Advocacy groups welcome aged care star rating but stress that more work needs to be done

Dec 19, 2022
Despite showing support for the new benchmarks, advocacy groups have expressed concern for those older Australians residing in aged care facilities that have received a low rating. Source: Getty Images.

In an effort to “make aged care more transparent and accountable”, the Federal Government has launched a new star ratings system for residential aged care homes.

The new ratings system was a key recommendation of the Royal Commission into Aged Care Quality and Safety and is expected to support older Australians and their representatives when comparing services.

Residential aged care homes will now receive an overall star rating based on performance in the four sub-categories of compliance, residents’ experience, staffing and quality measures.

The ratings will be published on My Aged Care in December.

Minister for Aged Care Anika Wells called the introduction of the rating system “a significant milestone on the path to a transparent and accountable residential aged care sector”.

“Star Ratings provide a nationally consistent benchmark to monitor, compare and improve residential aged care services,” Wells said.

“Star Ratings provide Australians greater and more accessible choices regarding residential aged care.

“To achieve our shared goal of reforming aged care, providers need to embrace transparency and accountability, and not make excuses.

“Star Ratings allow residential aged care providers the opportunity for continuous, measurable improvement.

“My department and the Aged Care Quality and Safety Commission will continue to work with providers that have services with low ratings.”

Support for aged care star system.
Source: Getty Images.

Older Persons Advocacy Network (OPAN) CEO Craig Gear welcomed the move, stating that the “nationally consistent benchmark” will “provide greater transparency across the sector”.

“Even more importantly, Star Ratings will enable older people and their families to compare quality across residential aged care homes and to make informed choices about where they want to live,” Gear said.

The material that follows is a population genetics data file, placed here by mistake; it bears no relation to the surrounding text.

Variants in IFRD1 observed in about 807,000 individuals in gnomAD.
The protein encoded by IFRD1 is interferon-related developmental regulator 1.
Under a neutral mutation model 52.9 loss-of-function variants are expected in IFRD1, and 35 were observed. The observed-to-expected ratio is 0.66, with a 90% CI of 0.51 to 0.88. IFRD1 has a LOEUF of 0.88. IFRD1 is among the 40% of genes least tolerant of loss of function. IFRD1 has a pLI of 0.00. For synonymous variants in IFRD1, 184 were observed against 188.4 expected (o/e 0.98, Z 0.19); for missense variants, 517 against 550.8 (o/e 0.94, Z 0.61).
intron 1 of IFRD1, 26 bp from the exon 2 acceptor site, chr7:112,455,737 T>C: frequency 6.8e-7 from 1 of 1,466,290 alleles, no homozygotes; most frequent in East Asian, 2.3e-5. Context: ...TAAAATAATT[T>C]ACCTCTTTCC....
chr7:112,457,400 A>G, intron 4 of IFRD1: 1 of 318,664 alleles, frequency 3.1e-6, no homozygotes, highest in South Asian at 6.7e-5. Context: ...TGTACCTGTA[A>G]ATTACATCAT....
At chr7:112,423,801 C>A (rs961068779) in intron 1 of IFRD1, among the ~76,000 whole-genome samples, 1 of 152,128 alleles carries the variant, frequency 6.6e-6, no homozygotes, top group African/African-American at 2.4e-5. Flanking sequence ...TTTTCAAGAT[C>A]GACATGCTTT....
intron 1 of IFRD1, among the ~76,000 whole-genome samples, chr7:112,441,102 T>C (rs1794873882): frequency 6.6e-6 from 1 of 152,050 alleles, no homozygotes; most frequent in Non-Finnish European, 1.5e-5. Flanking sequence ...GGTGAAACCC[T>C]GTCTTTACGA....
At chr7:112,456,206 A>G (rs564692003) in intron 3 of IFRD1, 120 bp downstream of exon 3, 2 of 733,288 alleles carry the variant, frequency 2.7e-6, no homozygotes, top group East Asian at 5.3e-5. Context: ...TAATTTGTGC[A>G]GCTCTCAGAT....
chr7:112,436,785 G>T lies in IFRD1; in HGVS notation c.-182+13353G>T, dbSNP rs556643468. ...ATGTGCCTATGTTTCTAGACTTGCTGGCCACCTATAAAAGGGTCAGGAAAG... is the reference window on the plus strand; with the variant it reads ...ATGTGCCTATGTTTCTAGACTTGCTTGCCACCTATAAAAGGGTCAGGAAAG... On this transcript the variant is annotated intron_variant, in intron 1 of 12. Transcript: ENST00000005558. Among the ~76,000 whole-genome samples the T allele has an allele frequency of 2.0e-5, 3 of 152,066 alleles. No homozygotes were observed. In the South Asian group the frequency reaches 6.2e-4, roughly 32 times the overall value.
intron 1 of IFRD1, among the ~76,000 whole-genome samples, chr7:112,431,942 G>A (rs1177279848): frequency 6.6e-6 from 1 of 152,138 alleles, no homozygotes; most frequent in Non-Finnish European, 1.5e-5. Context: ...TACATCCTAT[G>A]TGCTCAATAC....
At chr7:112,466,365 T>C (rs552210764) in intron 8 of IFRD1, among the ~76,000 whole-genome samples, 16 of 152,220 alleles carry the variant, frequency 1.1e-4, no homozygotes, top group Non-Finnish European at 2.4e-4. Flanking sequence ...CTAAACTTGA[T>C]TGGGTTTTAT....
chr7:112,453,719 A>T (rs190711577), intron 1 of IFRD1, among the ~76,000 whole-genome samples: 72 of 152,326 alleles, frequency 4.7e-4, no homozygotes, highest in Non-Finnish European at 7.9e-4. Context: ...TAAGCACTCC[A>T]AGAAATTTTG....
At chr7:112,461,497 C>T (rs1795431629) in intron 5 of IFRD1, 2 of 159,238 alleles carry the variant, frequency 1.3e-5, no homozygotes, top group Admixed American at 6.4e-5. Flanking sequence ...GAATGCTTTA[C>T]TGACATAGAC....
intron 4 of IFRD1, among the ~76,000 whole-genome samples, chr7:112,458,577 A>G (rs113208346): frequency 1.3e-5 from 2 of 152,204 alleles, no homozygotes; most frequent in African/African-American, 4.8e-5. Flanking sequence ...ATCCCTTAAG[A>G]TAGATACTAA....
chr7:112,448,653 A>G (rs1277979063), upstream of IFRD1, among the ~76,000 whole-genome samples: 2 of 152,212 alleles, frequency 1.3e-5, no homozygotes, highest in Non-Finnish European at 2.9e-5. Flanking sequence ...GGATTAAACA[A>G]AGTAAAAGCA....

Despite showing support for the new benchmarks, OPAN has expressed concern for those older Australians residing in aged care facilities that have received a low rating.

“One in 10 residential aged care homes need to ‘improve’ or ‘significantly improve’ their care and services across issues that include breaches of the code of conduct, misuse of restrictive practices or mishandling serious incidents,” Gear said.

“An improvement plan must be urgently put in place for each of these residential aged care homes with oversight by the Aged Care Quality and Safety Commission.”

The Council on the Ageing (COTA) Australia also expressed their enthusiasm for the star system, claiming that “while no simplified star rating system can ever be perfect, the online tool is a great resource to get an objective assessment and clear, consistent information.”

COTA Australia CEO Patricia Sparrow said “this is a big step forward for high quality aged care in Australia” but shared similar sentiments to OPAN in highlighting that “providers with lower ratings still have a lot of work to do to improve on quality measures and transparency”.

“Combined with further system reforms and the improved regulations recommended by the Royal Commission, the star rating system will hold providers to account, give older Australians confidence and highlight areas for improvement,” Sparrow added.

“Older Australians deserve nationally consistent and easy to understand information about the residential experience, compliance, staffing and quality measures.

“The tool will make it easier for older Australians or their families to find a residential care facility that meets their needs, and for those who have concerns about their current provider to start a productive conversation, talk about improvements and potentially make decisions about moving if issues are not resolved.”

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